However, despite the fact that egg mass parasitism may have been underestimated in the present study, a particular concern is still the low parasitism rates that were found for eggs, i.e., even though an egg mass might have been parasitized, Trichogramma females only parasitized a small proportion of that egg mass. This may be related to the specific features of YSB egg masses which on one hand consist of several layers of eggs, and on the other hand are also covered with hairs provided by the YSB female moth. In general, few studies have been carried out to test Trichogramma wasps on yellow stem borers and in particular, field surveys have mostly only reported egg mass parasitism rates instead of egg parasitism rates for Trichogramma wasps toward YSB. For egg masses, exceptional rates of 100% parasitism could be reached for T. japonicum toward the first generation of YSB eggs in the fields [11]. In contrast, several surveys have reported that parasitism rates of YSB eggs by Trichogramma in paddy fields ranged only from 2.1% to 23.1% [31,32,33]. These rates are considerably lower than those generally found for striped stem borer eggs, where parasitism rates reach up to 85.8% [6,21].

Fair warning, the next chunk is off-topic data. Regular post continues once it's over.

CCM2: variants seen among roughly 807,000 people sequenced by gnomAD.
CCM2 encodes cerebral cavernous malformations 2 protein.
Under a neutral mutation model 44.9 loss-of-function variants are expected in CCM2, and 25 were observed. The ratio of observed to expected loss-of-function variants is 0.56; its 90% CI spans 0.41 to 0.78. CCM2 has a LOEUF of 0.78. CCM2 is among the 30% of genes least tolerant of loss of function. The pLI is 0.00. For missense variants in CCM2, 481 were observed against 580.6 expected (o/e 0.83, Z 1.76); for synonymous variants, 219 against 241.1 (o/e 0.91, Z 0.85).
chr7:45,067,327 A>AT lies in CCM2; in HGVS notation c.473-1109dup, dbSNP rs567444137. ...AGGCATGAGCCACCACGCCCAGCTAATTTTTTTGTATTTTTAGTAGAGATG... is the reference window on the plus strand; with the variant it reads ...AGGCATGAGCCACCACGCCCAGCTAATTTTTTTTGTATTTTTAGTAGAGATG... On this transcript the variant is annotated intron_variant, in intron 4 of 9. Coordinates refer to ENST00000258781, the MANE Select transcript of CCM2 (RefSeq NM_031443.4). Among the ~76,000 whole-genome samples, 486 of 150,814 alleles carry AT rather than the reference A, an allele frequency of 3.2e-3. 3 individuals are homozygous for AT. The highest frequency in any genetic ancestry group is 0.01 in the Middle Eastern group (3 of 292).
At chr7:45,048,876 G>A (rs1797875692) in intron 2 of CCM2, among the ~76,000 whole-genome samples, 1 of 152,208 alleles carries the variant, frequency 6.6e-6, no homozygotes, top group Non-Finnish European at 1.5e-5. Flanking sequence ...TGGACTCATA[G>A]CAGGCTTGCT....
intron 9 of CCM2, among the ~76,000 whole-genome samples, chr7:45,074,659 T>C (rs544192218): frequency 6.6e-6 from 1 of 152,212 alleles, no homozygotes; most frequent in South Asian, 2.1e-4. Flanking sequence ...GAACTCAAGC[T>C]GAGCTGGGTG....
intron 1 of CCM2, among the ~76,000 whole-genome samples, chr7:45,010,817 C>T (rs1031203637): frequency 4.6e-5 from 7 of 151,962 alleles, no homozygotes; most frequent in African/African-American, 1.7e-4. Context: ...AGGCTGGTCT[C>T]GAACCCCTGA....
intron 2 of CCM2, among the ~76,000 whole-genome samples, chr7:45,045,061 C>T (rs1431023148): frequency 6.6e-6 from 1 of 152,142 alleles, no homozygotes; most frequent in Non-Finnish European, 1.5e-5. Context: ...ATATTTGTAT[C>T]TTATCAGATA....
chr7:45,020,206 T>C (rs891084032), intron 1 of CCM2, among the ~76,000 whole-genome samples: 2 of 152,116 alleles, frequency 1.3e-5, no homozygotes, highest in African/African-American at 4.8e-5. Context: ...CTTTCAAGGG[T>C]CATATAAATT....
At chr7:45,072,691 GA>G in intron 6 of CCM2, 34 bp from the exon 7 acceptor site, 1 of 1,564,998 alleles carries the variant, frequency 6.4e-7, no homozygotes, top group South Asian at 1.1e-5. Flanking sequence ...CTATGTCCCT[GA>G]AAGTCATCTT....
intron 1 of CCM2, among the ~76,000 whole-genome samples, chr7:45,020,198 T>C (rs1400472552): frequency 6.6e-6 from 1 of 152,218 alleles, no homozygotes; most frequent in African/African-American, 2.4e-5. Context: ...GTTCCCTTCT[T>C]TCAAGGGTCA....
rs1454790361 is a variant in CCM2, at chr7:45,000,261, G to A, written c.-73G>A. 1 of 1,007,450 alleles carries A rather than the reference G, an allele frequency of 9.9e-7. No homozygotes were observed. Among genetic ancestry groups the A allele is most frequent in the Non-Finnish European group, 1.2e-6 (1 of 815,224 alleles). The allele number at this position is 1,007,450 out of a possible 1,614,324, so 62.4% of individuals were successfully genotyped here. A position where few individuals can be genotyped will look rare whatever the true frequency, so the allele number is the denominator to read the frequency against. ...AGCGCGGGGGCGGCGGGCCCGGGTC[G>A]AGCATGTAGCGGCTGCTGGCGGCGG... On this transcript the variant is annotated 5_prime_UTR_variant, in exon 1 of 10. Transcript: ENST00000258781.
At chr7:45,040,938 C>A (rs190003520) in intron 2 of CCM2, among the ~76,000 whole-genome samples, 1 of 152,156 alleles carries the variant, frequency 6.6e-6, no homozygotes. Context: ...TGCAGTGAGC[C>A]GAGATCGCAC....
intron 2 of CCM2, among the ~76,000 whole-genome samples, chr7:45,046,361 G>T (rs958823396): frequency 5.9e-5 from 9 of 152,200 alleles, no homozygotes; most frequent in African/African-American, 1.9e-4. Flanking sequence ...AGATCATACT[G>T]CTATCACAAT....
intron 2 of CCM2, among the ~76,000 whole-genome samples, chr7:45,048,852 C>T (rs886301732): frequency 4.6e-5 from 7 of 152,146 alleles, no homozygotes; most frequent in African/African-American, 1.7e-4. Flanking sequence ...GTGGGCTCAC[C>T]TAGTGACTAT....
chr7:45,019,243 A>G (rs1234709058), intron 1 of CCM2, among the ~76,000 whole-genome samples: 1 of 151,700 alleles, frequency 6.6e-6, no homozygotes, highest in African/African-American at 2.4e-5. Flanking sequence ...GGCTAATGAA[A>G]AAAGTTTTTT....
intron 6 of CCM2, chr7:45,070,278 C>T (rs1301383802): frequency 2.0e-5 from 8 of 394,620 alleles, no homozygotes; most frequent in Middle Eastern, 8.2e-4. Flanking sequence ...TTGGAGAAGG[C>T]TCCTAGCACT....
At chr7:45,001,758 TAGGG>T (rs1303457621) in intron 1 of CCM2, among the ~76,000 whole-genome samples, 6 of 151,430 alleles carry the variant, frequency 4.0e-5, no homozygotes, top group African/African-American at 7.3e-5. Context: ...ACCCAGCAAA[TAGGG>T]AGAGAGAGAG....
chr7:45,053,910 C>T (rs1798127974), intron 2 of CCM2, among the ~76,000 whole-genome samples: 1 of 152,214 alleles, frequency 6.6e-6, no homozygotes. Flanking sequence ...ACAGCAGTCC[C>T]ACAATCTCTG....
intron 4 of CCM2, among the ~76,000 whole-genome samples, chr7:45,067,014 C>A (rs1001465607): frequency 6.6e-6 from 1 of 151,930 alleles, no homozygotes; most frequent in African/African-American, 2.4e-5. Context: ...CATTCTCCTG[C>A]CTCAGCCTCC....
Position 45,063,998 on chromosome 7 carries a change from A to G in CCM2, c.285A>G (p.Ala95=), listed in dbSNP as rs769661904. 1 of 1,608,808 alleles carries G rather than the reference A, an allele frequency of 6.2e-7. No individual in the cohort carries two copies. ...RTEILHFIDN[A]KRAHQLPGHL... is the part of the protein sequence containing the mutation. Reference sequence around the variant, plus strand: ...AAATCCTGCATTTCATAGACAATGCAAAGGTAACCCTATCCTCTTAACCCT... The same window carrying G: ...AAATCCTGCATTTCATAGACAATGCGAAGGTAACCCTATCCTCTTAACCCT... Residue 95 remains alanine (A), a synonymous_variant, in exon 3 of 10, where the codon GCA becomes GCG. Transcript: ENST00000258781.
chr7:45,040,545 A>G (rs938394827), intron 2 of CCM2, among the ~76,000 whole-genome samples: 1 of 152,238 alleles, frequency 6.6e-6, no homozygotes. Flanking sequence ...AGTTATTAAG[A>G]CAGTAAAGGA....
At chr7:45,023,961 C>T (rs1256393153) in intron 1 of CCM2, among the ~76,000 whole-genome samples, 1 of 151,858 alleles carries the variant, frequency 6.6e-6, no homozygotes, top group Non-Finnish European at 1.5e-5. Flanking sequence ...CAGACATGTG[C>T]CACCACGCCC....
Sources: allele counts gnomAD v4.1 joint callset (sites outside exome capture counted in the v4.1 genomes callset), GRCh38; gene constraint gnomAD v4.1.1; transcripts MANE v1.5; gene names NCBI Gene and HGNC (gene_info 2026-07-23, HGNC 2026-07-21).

Hairs of pests have been proved to be related to both direct [34] and indirect [35] protection from natural enemy attacks. Similarly, due to the special hair cover structure and layers of eggs inside, YSB eggs usually suffer less from egg parasitoid wasps [25]. This is supported by Lou et al. [11] who recently showed that the eggs from deeper layers of YSB egg masses usually escape from being parasitized by Trichogramma wasps. At the high densities used for the field cage study here (100 wasps per 10 egg masses), it may be concluded that wasps would parasitize all eggs they could possibly reach which would suggest about 21% for T. japonicum and 4% for T. chilonis on small egg masses and 4.7% for T. japonicum and 1.9% for T. chilonis on larger egg masses. In fact, a negative correlation of egg parasitism rates with egg mass size was observed in cage tests, which indicates that small egg masses were more likely to be parasitized in a higher proportion than large egg masses. No such correlation was found in the field test. We were not able in the present study to precisely analyse the rate of parasitization of eggs in the different layers of egg masses, and additional studies would be worthwhile to deepen our understanding on the factors underlying our findings. Even though the hairs on the egg surface are likely impairing parasitism rates, Trichogramma offspring may be expected to benefit from hairs of parasitized YSB egg masses [36] as predation risk is reduced compared to Trichogramma offspring inside striped stem borer or rice leaf folder eggs [34,35] thus increasing offspring survival rate [37].